State urges action as water quality issues continue on Reed Road

Jan 4, 2022

Despite a change in Dartmouth’s treatment system last year, the water main on Reed Road is still experiencing water quality issues — and the State Department of Environmental Protection is getting involved to bring the water supply up to standard.

The Water Department reported on Dec. 21 that it found high levels of haloacetic acids — a byproduct of chlorine disinfection, also called HAA5 — within the water main that stretches from Reed Road to the tank located on Old Fall River Road.

In their latest test, the department reported the average levels over the last 12 months to be at 64 parts per billion. The standard — a safety measure determined by the state — is 60 ppb.

All residents connected to the Reed Road system have been notified, according to Steve Sullivan, the Superintendent of Water and Sewer.

“The goal is to get it below 60 consistently,” he said. “That’s what we’re working on now.”

Sullivan noted that engineers are currently collaborating on how to solve the issue and that the state is requiring his department to provide reports and updates.

“During this planning period, the Department expects the Town to collect water quality data from its sources, including the purchased finished water from New Bedford, to further inform its decision-making,” a notice from MassDEP read.

“The state is requiring us to come up with something and we will,” Sullivan said.

According to MassDEP, high levels of exposure to some of the chemicals in HAA5 have been known to cause adverse developmental and reproductive effects, including toxicity to the liver, kidneys, neurological and reproductive systems.

While the Reed Road averages are higher than the set standard, residents do not need to boil water or take any other corrective actions, the water department reported.

“If the water was unsafe to drink, people would know,” he said.

This was the third violation of 2021 for the Reed Road water main. In May, the department reported high levels of trihalomethanes (TTHMs) and found that water exceeded the standard for HAA5s in August

E. coli, which is a fecal indicator, was also found in untreated water samples back in September.

According to Sullivan, those wells are still offline and will reactivate when 99% of bacteria are removed.

As a result of the latest report, MassDEP issued the Town of Dartmouth a notice of noncompliance, meaning that a public water supplier violated an enforceable standard.

Unfortunately, HAA5 levels during the second and third quarters of 2021 significantly increased, resulting in [maximum contaminant level] violations during both quarters plus the fourth quarter,” MassDEP’s letter read.

To lower the levels, Sullivan said the town is working to flush the lines over the next few weeks and will retest the quality.

Last year, the town switched its treatment system from chlorine to chloramines, which officials say should reduce levels of HAA5.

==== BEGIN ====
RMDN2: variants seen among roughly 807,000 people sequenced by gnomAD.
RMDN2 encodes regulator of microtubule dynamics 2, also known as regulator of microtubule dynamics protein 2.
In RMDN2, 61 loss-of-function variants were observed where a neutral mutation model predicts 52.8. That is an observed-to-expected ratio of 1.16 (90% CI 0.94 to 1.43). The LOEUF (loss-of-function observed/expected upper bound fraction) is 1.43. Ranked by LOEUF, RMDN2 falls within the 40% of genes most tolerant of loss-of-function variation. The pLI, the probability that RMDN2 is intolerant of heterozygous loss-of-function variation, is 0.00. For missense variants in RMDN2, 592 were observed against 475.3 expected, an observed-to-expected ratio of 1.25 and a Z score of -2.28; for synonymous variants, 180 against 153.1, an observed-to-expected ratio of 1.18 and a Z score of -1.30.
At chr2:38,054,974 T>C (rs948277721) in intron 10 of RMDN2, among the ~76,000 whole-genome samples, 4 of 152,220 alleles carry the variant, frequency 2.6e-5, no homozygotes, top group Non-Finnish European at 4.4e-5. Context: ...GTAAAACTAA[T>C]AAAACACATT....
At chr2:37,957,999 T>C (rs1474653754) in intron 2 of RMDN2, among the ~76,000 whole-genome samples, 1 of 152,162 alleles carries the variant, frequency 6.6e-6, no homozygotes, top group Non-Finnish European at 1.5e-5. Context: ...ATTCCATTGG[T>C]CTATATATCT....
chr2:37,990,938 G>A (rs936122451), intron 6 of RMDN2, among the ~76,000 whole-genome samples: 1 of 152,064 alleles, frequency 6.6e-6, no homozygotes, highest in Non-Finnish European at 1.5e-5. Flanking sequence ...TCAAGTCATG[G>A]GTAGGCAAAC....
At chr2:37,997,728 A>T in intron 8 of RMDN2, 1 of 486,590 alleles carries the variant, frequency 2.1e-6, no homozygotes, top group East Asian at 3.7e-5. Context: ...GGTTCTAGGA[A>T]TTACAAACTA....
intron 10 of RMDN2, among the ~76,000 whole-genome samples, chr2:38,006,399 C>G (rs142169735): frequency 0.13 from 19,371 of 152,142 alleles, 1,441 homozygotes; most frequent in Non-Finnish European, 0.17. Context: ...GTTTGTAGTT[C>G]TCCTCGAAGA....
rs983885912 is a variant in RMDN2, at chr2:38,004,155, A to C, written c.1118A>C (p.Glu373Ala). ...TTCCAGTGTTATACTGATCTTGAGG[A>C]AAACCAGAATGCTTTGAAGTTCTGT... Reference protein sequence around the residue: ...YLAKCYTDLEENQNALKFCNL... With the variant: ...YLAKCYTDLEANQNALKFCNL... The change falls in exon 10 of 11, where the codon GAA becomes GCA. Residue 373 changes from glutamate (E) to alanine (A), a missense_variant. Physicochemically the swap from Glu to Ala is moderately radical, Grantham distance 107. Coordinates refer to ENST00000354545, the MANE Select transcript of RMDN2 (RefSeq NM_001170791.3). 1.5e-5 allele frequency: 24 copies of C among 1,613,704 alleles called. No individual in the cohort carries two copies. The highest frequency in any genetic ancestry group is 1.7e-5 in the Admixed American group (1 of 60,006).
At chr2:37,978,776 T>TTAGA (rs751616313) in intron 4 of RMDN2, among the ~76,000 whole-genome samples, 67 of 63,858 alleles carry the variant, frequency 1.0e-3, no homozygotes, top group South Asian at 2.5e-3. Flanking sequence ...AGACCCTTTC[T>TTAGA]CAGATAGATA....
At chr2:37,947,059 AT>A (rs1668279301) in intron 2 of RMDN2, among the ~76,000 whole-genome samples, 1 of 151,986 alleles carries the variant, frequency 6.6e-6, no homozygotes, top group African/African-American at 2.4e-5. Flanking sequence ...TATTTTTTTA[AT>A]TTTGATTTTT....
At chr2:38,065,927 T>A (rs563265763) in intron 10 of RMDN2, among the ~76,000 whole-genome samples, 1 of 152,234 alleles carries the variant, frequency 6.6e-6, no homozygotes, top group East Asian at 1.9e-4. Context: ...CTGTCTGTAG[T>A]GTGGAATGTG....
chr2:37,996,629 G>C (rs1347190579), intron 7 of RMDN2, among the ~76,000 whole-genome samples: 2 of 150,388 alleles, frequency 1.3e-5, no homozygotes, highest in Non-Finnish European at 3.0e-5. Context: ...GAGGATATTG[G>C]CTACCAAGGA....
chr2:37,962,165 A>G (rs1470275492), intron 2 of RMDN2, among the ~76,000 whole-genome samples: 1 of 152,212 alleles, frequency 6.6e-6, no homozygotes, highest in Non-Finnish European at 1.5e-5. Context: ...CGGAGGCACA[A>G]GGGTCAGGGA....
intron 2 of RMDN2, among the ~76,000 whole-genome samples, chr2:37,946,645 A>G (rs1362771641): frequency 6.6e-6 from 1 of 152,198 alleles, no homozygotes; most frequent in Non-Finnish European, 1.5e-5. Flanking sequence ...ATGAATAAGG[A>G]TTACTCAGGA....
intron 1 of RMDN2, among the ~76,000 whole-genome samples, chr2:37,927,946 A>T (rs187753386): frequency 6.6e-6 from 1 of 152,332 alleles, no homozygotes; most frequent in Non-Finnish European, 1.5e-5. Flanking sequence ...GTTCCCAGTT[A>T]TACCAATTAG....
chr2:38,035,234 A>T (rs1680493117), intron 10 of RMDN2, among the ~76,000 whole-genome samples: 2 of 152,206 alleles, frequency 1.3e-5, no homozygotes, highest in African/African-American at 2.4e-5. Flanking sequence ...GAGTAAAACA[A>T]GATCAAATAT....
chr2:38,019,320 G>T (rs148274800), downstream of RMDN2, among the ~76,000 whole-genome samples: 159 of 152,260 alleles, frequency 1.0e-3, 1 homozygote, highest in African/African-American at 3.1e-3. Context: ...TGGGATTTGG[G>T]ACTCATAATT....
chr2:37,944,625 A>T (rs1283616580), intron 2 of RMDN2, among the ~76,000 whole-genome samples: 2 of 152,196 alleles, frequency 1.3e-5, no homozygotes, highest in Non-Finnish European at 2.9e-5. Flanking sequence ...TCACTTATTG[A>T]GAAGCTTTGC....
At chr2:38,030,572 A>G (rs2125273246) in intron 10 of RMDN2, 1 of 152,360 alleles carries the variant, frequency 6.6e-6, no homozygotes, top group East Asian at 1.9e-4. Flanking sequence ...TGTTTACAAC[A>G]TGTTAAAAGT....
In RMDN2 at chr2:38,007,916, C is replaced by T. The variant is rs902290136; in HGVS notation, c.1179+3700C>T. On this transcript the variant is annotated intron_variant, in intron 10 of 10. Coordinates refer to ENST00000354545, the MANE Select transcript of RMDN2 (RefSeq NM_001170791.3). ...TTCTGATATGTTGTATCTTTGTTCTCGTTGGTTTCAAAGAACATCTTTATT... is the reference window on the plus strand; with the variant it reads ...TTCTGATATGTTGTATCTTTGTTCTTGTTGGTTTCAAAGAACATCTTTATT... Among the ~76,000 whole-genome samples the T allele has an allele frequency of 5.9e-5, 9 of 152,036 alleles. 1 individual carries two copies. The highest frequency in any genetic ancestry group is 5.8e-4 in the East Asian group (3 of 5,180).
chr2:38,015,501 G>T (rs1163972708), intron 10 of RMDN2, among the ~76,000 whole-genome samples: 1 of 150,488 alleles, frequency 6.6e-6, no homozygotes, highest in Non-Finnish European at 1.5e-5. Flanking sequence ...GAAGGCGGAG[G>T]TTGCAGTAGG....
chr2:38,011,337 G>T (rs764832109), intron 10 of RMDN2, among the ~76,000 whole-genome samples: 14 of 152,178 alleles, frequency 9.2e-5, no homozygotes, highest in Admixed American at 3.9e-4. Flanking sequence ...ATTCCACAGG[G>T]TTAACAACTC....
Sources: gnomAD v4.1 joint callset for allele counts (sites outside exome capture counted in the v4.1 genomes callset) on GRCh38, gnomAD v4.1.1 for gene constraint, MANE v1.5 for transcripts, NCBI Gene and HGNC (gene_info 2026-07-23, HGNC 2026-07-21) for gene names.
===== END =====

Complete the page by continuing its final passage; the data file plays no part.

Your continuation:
In 2017, Town Meeting also approved a budget of $1.5 million to address the water issue. The conversion process began in June 2019, but was set back by staffing issues at the department.

In November 2019, Dartmouth borrowed nearly $1.3 million from the Massachusetts Clean Water Trust for an aeration system and other improvements in order to reduce levels of TTHMs in the water townwide.

Aside from the well closures, Sullivan said the new townwide system has “been helping a bit.” 

He noted that a recent individual reading for the Reed Road site came in at 31 ppb for HAA5s — well below the state standard of 60 ppb.

According to the department, the system transition can take a “considerable amount of time to move throughout the entire water system,” but that HAA5 levels have continually decreased since May 2021.

The main issue, he said, is “residence time” — the time that water spends in a particular place — due to the low volume of municipal water users on that main.

On average, Sullivan said, the water sits in the Reed Road main for around four days. The department’s main on Chase Road, meanwhile, is typically cycled through every two hours.

“It’s a large water main with not a lot of usage,” Sullivan said. “It’s just a water main that loops around.”

According to the superintendent, the longer the water sits, the more it allows disinfectant byproducts such as HAA5s and TTHMs to build up in the main.

Once warmer weather arrives, the Water Department will reinstitute daily flushing on Reed Road, which officials say should “move water through the system at a faster rate and speed up the full transition to chloramines.”

“The state is all over us and they’re not going to let us go until we fix the problem,” Sullivan said. “My goal before I retire is to get this done so the next guy doesn’t have to deal with this.”

A copy of the Town of Dartmouth and MassDEP’s notice is attached to this story.